With Adam McQuaid traded to the New York Rangers just before the start of camp, this one’s real easy to figure out.

First pairing: Zdeno Chara – Charlie McAvoy

Although the idea of spreading the wealth by separating Chara and McAvoy is entertaining or at least worth exploring from a depth standpoint, this is still a pairing that is worth its weight in gold for the Bruins.

Together for over 860 even-strength minutes a season ago, the Chara-McAvoy pairing were on the ice for 39 goals for, and just 25 goals against. That plus-14 finished the season as the sixth-best among all NHL pairings.

Second pairing: John Moore – Kevan Miller

John Moore has acclimated himself to Boston as well as one can through two preseason games. And pairing him with Kevan Miller may give the Bruins a sturdy middle pairing that can begin and end their shift in any zone without an issue.

Third pairing: Torey Krug – Brandon Carlo

This pairing was en route to an incredibly strong finish to their regular season when Brandon Carlo’s year ended with yet another awkward tumble along the TD Garden boards. Cassidy even deployed them as a shutdown pair at one point! I wouldn’t separate the duo, even if it means that you’re essentially punting on Carlo making an offensive impact.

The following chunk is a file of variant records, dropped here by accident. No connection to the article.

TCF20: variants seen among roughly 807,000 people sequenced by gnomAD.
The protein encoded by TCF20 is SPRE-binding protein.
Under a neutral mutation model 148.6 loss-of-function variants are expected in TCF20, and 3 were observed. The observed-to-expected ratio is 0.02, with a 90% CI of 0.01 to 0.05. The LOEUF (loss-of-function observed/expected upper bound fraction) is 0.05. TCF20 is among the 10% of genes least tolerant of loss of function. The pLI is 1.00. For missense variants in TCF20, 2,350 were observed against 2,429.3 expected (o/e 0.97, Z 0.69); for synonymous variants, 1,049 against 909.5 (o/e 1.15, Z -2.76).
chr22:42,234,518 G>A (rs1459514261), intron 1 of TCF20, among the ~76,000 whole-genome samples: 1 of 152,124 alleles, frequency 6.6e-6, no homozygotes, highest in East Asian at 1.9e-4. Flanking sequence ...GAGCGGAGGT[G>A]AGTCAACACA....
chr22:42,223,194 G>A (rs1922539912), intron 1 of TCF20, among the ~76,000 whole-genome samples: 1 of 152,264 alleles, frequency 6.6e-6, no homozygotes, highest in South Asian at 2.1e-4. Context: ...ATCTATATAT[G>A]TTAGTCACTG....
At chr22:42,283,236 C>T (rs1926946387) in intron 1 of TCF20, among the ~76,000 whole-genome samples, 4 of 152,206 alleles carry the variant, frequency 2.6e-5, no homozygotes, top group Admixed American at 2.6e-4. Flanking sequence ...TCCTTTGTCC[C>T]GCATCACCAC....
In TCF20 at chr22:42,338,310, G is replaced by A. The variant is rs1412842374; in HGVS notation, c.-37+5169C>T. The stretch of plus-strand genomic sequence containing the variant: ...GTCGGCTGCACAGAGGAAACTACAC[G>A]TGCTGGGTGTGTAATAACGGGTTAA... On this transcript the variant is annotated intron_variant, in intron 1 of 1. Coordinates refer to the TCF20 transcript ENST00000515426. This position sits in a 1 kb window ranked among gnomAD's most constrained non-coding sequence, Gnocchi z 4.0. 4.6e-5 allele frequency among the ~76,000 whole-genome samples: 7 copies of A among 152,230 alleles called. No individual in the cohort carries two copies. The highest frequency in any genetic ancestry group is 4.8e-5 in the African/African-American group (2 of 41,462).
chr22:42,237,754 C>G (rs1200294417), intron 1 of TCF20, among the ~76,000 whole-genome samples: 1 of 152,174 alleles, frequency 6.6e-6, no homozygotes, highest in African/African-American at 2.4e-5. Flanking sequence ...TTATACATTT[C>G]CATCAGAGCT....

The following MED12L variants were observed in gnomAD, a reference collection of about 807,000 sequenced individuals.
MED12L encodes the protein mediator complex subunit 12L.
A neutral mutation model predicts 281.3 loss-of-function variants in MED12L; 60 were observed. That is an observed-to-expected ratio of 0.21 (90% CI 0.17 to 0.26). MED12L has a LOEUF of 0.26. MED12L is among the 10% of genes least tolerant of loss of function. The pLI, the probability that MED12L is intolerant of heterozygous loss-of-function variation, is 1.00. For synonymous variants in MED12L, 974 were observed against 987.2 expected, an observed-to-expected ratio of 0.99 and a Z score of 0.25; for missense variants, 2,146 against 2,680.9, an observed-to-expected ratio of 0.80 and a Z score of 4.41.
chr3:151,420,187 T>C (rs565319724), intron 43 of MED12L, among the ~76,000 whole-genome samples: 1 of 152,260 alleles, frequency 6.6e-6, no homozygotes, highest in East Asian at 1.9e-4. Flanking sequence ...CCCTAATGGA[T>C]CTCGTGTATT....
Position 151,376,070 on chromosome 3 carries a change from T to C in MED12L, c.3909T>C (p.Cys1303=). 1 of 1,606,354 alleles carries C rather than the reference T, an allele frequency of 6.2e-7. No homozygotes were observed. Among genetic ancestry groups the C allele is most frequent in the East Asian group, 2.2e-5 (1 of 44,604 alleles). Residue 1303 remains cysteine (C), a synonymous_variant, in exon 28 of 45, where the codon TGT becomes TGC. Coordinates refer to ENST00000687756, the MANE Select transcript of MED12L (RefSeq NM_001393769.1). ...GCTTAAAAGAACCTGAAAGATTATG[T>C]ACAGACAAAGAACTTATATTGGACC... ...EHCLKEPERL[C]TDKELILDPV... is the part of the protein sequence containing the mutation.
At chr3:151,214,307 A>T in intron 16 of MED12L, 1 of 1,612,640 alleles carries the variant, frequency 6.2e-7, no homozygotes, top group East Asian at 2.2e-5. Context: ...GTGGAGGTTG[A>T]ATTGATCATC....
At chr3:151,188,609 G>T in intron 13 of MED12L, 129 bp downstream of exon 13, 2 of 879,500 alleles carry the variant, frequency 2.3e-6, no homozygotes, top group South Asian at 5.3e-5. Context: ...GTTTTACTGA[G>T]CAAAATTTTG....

Healthy scratch: Matt Grzelcyk

This is assuming that Krug’s ankle is 100 percent healed and ready to go for Opening Night, of course, but Matt Grzelcyk is essentially your healthy scratch by default. Krug’s simply too important to Boston’s offensive zone to sit him down, and Moore did not sign a five-year deal with the Bruins to begin his Boston career as a healthy scratch.

Starting goaltender: Tuukka Rask

Rask is your starting goaltender, you idiots.

Ty Anderson is a digital producer for Any opinions expressed do not necessarily reflect those of 98.5 The Sports Hub, Beasley Media Group, or any subsidiaries. Have a news tip, question, or comment for Ty? Follow him on Twitter @_TyAnderson.